After completing the game on Normal, Nightmare difficulty unlocks. I would probably recommend playing the game the first time around on Hard. Playing Alan Wake on a higher difficulty is one of those rare instances where a higher difficulty "works" for the experience. Nightmare makes taking on multiple enemies at once, not practical, with even the most weakest of baddies becoming into semi-glorified bullet sponges.
To counter this, you really need to be constantly looking for light sources. I've never seen a game's design and mechanics force you to become this paranoid, but Alan Wake succeeds. Turning on a generator, just in time before being over-run by an army of shadowy figures is defiantly a ton of fun.
Like all higher difficulty modes, there will be moments of reloading certain saves a few times to barrel through certain choke-points. I never got the impression from other action games though, that my progress was being halted because of lazy design.
Black Ops, I'm looking at you and your ridiculous enemy re-spawn count.
Did I mention that there are certain collectibles you can only get on Nightmare difficulty?
Yeah, that never seems to end.
There's nothing much to it. It would have been interesting if anything else happened outside of replaying certain levels over-and-over again. When your main tasks are just finding junk, you would kinda wish something new would pop-out. If you're down with that, and have a good podcast or movie to watch, then you will enjoy yourself.
- Glitches: None!
- Stacking: Yes.
- One Stupid Achievement: None!
Estimated Time: 25 Hours / Multiple Play-throughs.
It's a bit frustrating to see how Alan Wake flirts with having something that's "just a bit more", than your standard fare of achievements. It's commendable what Alan Wake does correctly though: Playing the game on a higher difficulty actual benefits the actual game, and doesn't punish you cheaply most of time. It's in-game menu allows you to track just about every action that works toward unlocking something. Some of the mission specific achievements are neat little challenges, that in some cases will dramatically shake-up the manner of which you play.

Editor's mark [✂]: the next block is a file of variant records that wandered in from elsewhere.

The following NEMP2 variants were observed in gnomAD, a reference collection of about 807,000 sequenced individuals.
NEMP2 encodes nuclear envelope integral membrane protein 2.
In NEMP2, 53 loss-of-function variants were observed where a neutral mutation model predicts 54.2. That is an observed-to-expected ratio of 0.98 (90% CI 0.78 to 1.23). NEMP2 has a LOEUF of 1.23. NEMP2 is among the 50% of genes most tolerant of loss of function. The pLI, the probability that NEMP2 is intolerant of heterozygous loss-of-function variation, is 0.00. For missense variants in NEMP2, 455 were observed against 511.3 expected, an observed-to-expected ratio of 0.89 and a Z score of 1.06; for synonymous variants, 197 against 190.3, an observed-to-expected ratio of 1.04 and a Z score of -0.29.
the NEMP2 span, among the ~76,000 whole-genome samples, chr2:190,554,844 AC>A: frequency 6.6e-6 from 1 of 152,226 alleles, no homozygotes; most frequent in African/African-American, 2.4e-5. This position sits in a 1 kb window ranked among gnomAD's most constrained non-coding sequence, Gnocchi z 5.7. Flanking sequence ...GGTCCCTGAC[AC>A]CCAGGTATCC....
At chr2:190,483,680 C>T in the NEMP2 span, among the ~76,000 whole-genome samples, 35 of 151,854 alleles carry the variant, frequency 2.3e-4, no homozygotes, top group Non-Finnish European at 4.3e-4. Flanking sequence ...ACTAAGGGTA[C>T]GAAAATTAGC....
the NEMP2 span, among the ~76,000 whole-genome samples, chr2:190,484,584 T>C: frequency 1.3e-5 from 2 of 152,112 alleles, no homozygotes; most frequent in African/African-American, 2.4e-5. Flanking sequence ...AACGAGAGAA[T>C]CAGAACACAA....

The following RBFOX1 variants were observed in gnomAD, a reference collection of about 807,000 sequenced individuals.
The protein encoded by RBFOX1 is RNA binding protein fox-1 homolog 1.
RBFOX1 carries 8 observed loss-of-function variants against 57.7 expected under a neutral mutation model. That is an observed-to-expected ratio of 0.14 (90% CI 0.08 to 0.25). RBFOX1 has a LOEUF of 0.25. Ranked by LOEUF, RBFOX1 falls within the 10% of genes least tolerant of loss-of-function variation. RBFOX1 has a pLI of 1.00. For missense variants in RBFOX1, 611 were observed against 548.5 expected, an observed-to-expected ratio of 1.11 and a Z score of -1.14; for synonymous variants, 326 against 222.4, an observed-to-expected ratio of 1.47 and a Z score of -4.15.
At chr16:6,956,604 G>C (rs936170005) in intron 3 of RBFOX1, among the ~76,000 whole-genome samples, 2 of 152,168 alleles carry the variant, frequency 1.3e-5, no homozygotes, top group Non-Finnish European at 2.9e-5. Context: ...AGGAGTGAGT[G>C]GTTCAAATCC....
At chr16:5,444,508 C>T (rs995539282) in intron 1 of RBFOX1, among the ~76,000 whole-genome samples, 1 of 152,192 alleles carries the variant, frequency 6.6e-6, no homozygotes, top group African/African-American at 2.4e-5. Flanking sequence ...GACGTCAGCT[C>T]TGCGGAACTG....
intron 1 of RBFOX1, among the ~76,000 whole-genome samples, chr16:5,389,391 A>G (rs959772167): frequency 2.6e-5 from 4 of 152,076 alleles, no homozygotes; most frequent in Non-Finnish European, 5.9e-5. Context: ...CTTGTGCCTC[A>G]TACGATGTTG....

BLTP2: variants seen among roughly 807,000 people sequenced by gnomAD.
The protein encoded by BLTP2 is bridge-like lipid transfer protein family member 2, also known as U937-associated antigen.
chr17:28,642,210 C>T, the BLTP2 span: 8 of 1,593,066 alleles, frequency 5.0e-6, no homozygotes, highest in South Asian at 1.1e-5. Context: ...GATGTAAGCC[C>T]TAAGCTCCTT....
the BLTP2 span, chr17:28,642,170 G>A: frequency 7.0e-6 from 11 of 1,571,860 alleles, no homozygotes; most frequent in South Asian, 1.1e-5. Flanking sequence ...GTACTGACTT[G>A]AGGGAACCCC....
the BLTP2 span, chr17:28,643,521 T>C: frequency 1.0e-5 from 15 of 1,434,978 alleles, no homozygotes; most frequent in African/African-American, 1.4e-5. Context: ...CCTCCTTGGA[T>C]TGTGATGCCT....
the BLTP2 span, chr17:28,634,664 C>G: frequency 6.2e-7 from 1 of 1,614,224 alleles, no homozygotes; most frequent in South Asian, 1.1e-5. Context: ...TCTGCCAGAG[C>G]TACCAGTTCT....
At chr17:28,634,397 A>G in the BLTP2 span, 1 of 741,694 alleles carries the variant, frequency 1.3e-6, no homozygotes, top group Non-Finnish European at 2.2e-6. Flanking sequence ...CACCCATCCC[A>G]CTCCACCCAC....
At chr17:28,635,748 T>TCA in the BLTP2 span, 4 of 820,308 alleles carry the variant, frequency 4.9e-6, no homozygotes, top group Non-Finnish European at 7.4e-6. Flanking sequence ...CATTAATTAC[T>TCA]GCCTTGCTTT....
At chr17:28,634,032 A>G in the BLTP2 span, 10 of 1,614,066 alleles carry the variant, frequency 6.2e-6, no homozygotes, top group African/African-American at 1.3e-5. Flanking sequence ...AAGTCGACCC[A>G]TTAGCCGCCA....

With a great foundation, Alan Wake then seems to attempt and overcompensate for...well...something. I'm not exactly sure what, but I've seen such shenanigans before in other games that are strict linear shooters. Alan Wake's bizarre huge lean on collectibles and weapon kill counters, give the impression of a struggle concerning trying to figure out what exactly should be emphasized as a "challenge".
The problem is that having over 200 misc things to pick up, does not equate to something challenging, it equates to tedium. In fact, I'm sure "picking up things over and over again", qualifies as a definition somewhere for tedium.
The great news is though, that Alan Wake strives to bring some stability to it's own madness. As if someone who was testing this had to pull the lead designer aside and state something to the effect of: "Hey, we need something to tell the players how close they are to killing 50 enemies with a flare-gun." Alan Wake provides this where other developers don't even bother with. Certain collectibles such as manuscript pages have a flair of quality, but you're going to tire out fast hunting every nook-and-cranny for some of the more obscure items.
Overall though: It's a good S-Rank to go after. It could have been better, but for the most part is appropriate to the context of the game.
Use guides. For collectibles RoosterTeeth's Achievement Hunter site has a great series of videos complete with commentary.
You might need a laptop+TV combo for this one.